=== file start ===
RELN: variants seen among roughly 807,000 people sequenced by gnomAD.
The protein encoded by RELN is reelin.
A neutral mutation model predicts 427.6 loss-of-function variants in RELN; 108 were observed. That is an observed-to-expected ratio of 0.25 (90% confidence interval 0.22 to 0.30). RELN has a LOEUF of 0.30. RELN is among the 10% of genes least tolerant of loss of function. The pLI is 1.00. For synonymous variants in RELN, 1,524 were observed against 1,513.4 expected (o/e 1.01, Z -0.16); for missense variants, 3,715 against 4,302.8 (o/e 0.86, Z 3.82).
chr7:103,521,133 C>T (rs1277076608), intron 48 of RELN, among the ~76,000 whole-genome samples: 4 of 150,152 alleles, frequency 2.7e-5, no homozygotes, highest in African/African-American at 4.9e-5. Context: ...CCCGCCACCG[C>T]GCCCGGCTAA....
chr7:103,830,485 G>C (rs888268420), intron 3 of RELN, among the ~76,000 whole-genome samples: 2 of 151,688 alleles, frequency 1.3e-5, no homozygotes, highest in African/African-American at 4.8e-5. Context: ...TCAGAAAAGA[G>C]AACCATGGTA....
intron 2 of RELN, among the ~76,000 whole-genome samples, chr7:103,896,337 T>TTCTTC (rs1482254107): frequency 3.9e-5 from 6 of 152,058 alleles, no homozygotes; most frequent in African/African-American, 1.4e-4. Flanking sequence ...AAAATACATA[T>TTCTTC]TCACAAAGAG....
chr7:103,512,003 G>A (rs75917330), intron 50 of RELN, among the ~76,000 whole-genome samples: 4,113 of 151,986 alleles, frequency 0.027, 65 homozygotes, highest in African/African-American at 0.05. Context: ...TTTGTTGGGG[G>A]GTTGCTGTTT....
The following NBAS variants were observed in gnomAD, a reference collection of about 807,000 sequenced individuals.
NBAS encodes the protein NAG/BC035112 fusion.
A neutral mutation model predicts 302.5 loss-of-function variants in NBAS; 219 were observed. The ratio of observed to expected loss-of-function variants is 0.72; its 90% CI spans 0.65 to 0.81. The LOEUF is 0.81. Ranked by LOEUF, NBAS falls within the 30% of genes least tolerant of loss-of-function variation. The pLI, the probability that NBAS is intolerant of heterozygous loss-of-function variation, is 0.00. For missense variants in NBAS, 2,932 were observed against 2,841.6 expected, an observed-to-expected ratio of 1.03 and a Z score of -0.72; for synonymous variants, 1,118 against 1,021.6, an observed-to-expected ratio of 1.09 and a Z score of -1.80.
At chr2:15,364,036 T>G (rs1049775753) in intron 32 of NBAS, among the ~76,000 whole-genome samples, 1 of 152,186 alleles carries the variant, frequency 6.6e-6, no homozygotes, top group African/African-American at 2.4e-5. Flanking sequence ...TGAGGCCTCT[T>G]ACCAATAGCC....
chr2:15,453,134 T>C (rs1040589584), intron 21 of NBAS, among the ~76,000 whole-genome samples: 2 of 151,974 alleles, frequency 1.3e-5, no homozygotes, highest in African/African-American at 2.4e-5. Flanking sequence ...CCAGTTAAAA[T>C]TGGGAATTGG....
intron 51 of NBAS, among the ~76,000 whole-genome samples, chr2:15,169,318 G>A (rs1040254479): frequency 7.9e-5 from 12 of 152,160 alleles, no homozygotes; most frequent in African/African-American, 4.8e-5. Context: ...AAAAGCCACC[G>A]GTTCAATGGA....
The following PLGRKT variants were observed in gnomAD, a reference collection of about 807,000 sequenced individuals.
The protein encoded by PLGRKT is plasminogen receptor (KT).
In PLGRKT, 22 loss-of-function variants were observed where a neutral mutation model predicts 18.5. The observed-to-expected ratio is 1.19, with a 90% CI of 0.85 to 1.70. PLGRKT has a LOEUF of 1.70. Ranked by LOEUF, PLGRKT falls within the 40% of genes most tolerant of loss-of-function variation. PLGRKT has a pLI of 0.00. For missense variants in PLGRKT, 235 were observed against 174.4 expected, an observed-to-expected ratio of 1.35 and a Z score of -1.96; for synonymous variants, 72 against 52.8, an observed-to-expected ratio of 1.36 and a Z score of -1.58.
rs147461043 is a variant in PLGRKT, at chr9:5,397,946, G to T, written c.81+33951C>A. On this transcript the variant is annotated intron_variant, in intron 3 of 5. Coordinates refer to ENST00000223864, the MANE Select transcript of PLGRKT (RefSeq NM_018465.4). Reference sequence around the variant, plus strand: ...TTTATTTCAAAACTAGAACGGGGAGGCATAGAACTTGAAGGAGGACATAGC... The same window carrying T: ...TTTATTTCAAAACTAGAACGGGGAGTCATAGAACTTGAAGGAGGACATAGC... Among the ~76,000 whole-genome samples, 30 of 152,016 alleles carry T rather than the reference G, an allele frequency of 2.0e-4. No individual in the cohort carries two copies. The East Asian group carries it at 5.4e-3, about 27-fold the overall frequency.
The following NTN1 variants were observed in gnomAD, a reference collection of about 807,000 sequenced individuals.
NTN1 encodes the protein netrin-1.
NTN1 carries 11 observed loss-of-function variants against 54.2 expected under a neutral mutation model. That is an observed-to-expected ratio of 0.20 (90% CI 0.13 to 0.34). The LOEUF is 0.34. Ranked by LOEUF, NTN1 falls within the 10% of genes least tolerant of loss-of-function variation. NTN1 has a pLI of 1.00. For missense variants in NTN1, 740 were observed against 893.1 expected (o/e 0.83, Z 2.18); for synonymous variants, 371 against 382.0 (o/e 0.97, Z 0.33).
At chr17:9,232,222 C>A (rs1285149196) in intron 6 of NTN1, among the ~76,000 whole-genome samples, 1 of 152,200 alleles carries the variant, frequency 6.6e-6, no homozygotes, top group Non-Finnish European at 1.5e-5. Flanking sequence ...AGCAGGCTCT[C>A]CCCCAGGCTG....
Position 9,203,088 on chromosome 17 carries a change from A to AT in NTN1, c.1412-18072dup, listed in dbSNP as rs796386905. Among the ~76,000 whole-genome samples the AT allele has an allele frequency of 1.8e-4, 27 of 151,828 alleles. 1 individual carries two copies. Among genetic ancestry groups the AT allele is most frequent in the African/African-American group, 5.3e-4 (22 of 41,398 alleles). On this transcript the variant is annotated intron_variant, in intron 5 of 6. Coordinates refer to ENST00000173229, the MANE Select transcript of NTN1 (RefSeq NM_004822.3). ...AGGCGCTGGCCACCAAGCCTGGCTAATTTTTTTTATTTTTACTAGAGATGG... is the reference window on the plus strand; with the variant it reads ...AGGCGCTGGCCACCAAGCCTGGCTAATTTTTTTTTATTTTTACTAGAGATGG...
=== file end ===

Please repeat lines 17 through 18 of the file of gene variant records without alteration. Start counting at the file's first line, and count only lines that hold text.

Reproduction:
rs147461043 is a variant in PLGRKT, at chr9:5,397,946, G to T, written c.81+33951C>A. On this transcript the variant is annotated intron_variant, in intron 3 of 5. Coordinates refer to ENST00000223864, the MANE Select transcript of PLGRKT (RefSeq NM_018465.4). Reference sequence around the variant, plus strand: ...TTTATTTCAAAACTAGAACGGGGAGGCATAGAACTTGAAGGAGGACATAGC... The same window carrying T: ...TTTATTTCAAAACTAGAACGGGGAGTCATAGAACTTGAAGGAGGACATAGC... Among the ~76,000 whole-genome samples, 30 of 152,016 alleles carry T rather than the reference G, an allele frequency of 2.0e-4. No individual in the cohort carries two copies. The East Asian group carries it at 5.4e-3, about 27-fold the overall frequency.
The following NTN1 variants were observed in gnomAD, a reference collection of about 807,000 sequenced individuals.